Musquodoboit Harbour NS
I began my journey with lymphoma during the summer of 2015. I was enjoying my usual summer activities jogging, hiking, and canoeing when quite suddenly I began having swelling in my left leg. I went to my doctor who began the process of trying to determine the cause. My doctor made a call to a cancer surgeon at the Dixon Centre in Halifax and I soon had a consult and physical exam. I clearly remember the words of the oncologist on that September day. He said, “I am not a betting man, but if I were, I would say you have cancer”.
I already had some inclination that such news was likely, but it was still a shock. I was scheduled for a CT scan which identified a tumor in my lower back. My diagnosis was non-Hodgkin diffuse large B-cell lymphoma.
Over the next few years, I went on to have R-CHOP chemotherapy, radiation, R-GDP chemotherapy, "mini - BEAM" chemotherapy, a clinical trial with TAK-659 from Takeda Pharmaceuticals and CAR T-cell therapy.
I distinctly recall my wife and I attending an LLSC forum in Halifax following my initial treatments. At that powerful presentation one of the cancer survivors told us not to rule out taking part in a clinical trial, if it became available as a treatment. Little did I know that a clinical trial, followed by CAR T-Cell therapy, would become my best option in my own cancer journey.
My CAR T-Cell therapy took place in Boston at the Dana Farber Cancer Institute between June and December 2019. My collected T-cells were shipped to California where they were successfully engineered into CAR-T cells.
As the treatment was completed, my wife and I returned to Halifax with the news that my cancer was not in remission.
My Boston oncologist had told us that I might still reach remission, but not to pin all my hopes on it. Follow-up scans were scheduled for early March back in Halifax and just as the COVID pandemic was declared, I received miraculous news: I had achieved "complete metabolic response". In other words, no active cancer.
The CAR T- cell therapy in Boston was successful and I am still in remission. My gratitude is overflowing for the support of the medical community as well as our Department of Health and Wellness for providing resources for the medical part of the Boston chapter of my journey.
So, what have I learned?
Like most people, my cancer journey has been difficult, but much of that journey has been rewarding and enriching.
When I was first diagnosed in 2015, I was overwhelmed by the number of people who contacted me by text and email that it became difficult to keep up with their questions. I set up a blog about my journey and asked that people go there for information. The act of writing daily allowed me to reflect on so many things that were important to me, much of which was less about my physical well-being and more about strengthening my spiritual and mental well-being. I had found a wonderful tool to reflect about life, what is important and of enduring value.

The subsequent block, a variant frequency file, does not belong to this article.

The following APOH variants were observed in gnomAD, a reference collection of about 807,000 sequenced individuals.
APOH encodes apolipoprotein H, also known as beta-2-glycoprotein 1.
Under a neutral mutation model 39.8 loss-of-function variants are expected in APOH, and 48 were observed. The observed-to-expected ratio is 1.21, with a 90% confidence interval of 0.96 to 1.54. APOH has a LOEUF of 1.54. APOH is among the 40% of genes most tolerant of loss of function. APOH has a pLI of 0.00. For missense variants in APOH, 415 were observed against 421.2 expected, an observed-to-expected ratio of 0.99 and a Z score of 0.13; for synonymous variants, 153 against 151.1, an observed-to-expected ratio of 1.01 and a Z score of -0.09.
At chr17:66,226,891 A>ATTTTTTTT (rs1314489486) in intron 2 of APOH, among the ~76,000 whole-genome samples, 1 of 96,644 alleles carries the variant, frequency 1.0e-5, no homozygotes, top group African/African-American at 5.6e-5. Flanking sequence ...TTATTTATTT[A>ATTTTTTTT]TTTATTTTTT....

I realize that the greatest value in life is found in relationships. I have been overwhelmed by the generosity, kindness, and love of so many people and for that I have immense gratitude.
I can’t overstate the support I have received from the LLSC. We have received support and encouragement every step of the way. From warm greetings by LLSC caring staff members to the support of varied resources such as webinars and Zoom sessions, printed materials, or survivors on the other end of a phone connection. LLSC has offered us so much! In short, we have gained wonderful friends in the blood cancer community because of LLSC.
Light the Night plays a huge role raising awareness about blood cancers and providing funds for research and patient/caregiver support. I will never forget our first Light the Night walk in 2016. The gold, red and white lanterns had a powerful impact because of what the colours represent. We walked in silence past the Victoria General and IWK hospitals and looked up at blood cancer patients in active treatment, who were waving their white lanterns. How incredibly powerful. I reflected on the young lives at the IWK who struggle with blood cancers and the adults who were dealing with their own cancers in the VG. And in my own treatment, I later found out what it was like to look out that large window of the 8th floor VG common room.
I have learned so much from my cancer journey, and I am grateful. Light the Night has helped brighten my blood cancer journey. Perhaps this is my mantra – “live in the moment, focus on gratitude for the goodness of life and find joy in each day”.
Thank you to my wife, family, friends, professionals and the LLSC for helping me find meaning in life and joy in each day.